In February 2015, the government accepted the 14th Finance Commission’s recommendation to empower states with greater expenditure discretion.
The states’ share in Union taxes, therefore, increased from 32% to 42%. It prompted slashing of budget to social sector by half to $1.6 billion.
The process adopted by the government raised several concerns, including from within the government. Union Minister for Women and Child Development Maneka Gandhi, in October last year, criticised the government for the same, stating that this cut is hurting the fight against malnutrition.
In a report released on February 24, 2016, the Centre for Policy Research pointed out that as a percentage of total expenditure, social sector spending has decreased marginally in many states.
Though the report goes on to add that, the overall expenditure on social sectors has seen increases at the state level.
“There is a worry that these cuts might have hurt, especially in the transition year. And such thinks mostly take toll on the vulnerable sections of the society,” said Rajeev Gowda, an economist and Member of Parliament. “It is a policy decision, which shows government’s priorities. They think that if we cut what is going to poor and women nobody will care.”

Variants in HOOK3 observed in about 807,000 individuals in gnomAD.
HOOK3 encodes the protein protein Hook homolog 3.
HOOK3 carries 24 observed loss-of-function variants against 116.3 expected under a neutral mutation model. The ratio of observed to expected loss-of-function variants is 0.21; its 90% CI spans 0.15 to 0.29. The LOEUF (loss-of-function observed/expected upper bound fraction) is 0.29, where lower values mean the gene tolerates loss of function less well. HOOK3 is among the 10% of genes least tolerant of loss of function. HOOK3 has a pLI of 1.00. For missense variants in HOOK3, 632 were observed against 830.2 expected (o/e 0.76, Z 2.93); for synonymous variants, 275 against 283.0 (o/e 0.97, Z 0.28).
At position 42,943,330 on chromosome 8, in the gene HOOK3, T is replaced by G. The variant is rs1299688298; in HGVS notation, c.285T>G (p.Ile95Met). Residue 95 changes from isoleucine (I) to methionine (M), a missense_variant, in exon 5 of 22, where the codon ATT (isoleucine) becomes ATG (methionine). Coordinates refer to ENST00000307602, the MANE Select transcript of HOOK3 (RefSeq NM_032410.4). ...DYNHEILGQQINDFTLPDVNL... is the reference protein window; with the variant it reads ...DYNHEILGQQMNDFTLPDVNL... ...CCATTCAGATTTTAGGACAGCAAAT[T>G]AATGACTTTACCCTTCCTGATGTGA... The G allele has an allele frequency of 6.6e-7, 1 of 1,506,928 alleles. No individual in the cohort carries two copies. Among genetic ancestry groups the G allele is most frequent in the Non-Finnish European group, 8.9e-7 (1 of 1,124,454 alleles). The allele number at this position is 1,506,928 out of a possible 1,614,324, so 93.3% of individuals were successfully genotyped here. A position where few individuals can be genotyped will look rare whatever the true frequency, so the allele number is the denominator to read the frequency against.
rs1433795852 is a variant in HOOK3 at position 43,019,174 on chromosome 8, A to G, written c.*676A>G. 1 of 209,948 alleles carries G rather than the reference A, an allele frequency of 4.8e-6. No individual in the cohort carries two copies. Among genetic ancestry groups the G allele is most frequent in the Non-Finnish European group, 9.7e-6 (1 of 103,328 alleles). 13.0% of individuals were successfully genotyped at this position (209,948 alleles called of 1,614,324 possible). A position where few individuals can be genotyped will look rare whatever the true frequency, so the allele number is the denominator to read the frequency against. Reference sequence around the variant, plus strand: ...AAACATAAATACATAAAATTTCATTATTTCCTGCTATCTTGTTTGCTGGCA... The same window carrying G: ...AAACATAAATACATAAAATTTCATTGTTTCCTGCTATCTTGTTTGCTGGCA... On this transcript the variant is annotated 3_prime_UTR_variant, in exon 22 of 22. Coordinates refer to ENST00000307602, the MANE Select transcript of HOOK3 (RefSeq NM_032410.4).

Gowda also said that the government’s increase in the grants to social sectors denotes that they felt there were lapses in the last year’s Budget allocations.
Govind Rao, Member of 14th Finance Commission, stated, “States didn’t get proper time to respond to the budget or the Finance commission recommendation. We would have to wait for the revised allocation for it.”